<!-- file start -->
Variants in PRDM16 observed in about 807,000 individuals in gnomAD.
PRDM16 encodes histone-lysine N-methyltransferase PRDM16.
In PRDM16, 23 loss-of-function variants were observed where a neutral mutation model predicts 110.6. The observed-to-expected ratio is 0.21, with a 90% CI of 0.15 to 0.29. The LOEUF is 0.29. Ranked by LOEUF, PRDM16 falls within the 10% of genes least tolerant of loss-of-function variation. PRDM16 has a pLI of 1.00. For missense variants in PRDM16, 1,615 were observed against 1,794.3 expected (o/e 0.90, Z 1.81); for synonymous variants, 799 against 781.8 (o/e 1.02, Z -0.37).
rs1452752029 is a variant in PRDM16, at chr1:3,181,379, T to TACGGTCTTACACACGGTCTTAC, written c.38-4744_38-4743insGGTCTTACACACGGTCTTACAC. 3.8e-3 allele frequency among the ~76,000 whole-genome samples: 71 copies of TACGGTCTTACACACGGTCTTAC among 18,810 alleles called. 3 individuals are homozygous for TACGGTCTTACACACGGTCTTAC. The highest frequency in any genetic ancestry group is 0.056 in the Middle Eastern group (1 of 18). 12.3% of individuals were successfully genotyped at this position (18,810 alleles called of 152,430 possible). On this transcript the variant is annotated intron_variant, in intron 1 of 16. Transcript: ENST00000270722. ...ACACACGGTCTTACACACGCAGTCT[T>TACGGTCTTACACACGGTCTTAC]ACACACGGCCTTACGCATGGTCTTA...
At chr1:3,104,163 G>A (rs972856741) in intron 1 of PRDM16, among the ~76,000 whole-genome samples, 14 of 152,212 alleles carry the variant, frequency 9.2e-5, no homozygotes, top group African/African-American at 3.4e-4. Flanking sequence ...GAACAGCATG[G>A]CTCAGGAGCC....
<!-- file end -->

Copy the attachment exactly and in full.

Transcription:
Variants in PRDM16 observed in about 807,000 individuals in gnomAD.
PRDM16 encodes histone-lysine N-methyltransferase PRDM16.
In PRDM16, 23 loss-of-function variants were observed where a neutral mutation model predicts 110.6. The observed-to-expected ratio is 0.21, with a 90% CI of 0.15 to 0.29. The LOEUF is 0.29. Ranked by LOEUF, PRDM16 falls within the 10% of genes least tolerant of loss-of-function variation. PRDM16 has a pLI of 1.00. For missense variants in PRDM16, 1,615 were observed against 1,794.3 expected (o/e 0.90, Z 1.81); for synonymous variants, 799 against 781.8 (o/e 1.02, Z -0.37).
rs1452752029 is a variant in PRDM16, at chr1:3,181,379, T to TACGGTCTTACACACGGTCTTAC, written c.38-4744_38-4743insGGTCTTACACACGGTCTTACAC. 3.8e-3 allele frequency among the ~76,000 whole-genome samples: 71 copies of TACGGTCTTACACACGGTCTTAC among 18,810 alleles called. 3 individuals are homozygous for TACGGTCTTACACACGGTCTTAC. The highest frequency in any genetic ancestry group is 0.056 in the Middle Eastern group (1 of 18). 12.3% of individuals were successfully genotyped at this position (18,810 alleles called of 152,430 possible). On this transcript the variant is annotated intron_variant, in intron 1 of 16. Transcript: ENST00000270722. ...ACACACGGTCTTACACACGCAGTCT[T>TACGGTCTTACACACGGTCTTAC]ACACACGGCCTTACGCATGGTCTTA...
At chr1:3,104,163 G>A (rs972856741) in intron 1 of PRDM16, among the ~76,000 whole-genome samples, 14 of 152,212 alleles carry the variant, frequency 9.2e-5, no homozygotes, top group African/African-American at 3.4e-4. Flanking sequence ...GAACAGCATG[G>A]CTCAGGAGCC....